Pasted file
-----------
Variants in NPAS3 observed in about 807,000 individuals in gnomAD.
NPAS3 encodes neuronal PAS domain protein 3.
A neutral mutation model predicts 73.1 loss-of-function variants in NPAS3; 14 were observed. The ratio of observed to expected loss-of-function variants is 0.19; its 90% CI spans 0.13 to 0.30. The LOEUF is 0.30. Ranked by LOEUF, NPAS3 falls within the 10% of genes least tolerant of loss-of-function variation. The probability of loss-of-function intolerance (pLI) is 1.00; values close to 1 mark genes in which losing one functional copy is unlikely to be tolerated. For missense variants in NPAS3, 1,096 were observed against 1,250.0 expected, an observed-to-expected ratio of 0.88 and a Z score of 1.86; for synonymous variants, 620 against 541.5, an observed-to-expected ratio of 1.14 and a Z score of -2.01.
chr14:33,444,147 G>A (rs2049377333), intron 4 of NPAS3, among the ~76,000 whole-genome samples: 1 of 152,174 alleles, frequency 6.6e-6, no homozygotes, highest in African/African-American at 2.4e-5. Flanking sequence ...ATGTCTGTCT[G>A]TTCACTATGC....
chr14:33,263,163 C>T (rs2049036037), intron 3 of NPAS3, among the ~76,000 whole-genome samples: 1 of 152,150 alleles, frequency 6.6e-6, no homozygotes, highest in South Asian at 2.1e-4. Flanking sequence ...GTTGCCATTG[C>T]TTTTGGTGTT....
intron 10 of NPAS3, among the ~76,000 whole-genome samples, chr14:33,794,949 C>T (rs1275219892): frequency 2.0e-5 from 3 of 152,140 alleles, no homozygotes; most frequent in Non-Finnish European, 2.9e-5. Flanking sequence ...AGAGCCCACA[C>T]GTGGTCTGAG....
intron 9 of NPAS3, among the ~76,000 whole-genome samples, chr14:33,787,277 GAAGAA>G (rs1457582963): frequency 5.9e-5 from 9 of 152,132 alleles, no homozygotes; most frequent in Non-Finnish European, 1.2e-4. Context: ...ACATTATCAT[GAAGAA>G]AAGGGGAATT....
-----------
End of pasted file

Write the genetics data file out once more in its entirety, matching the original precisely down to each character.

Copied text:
Variants in NPAS3 observed in about 807,000 individuals in gnomAD.
NPAS3 encodes neuronal PAS domain protein 3.
A neutral mutation model predicts 73.1 loss-of-function variants in NPAS3; 14 were observed. The ratio of observed to expected loss-of-function variants is 0.19; its 90% CI spans 0.13 to 0.30. The LOEUF is 0.30. Ranked by LOEUF, NPAS3 falls within the 10% of genes least tolerant of loss-of-function variation. The probability of loss-of-function intolerance (pLI) is 1.00; values close to 1 mark genes in which losing one functional copy is unlikely to be tolerated. For missense variants in NPAS3, 1,096 were observed against 1,250.0 expected, an observed-to-expected ratio of 0.88 and a Z score of 1.86; for synonymous variants, 620 against 541.5, an observed-to-expected ratio of 1.14 and a Z score of -2.01.
chr14:33,444,147 G>A (rs2049377333), intron 4 of NPAS3, among the ~76,000 whole-genome samples: 1 of 152,174 alleles, frequency 6.6e-6, no homozygotes, highest in African/African-American at 2.4e-5. Flanking sequence ...ATGTCTGTCT[G>A]TTCACTATGC....
chr14:33,263,163 C>T (rs2049036037), intron 3 of NPAS3, among the ~76,000 whole-genome samples: 1 of 152,150 alleles, frequency 6.6e-6, no homozygotes, highest in South Asian at 2.1e-4. Flanking sequence ...GTTGCCATTG[C>T]TTTTGGTGTT....
intron 10 of NPAS3, among the ~76,000 whole-genome samples, chr14:33,794,949 C>T (rs1275219892): frequency 2.0e-5 from 3 of 152,140 alleles, no homozygotes; most frequent in Non-Finnish European, 2.9e-5. Flanking sequence ...AGAGCCCACA[C>T]GTGGTCTGAG....
intron 9 of NPAS3, among the ~76,000 whole-genome samples, chr14:33,787,277 GAAGAA>G (rs1457582963): frequency 5.9e-5 from 9 of 152,132 alleles, no homozygotes; most frequent in Non-Finnish European, 1.2e-4. Context: ...ACATTATCAT[GAAGAA>G]AAGGGGAATT....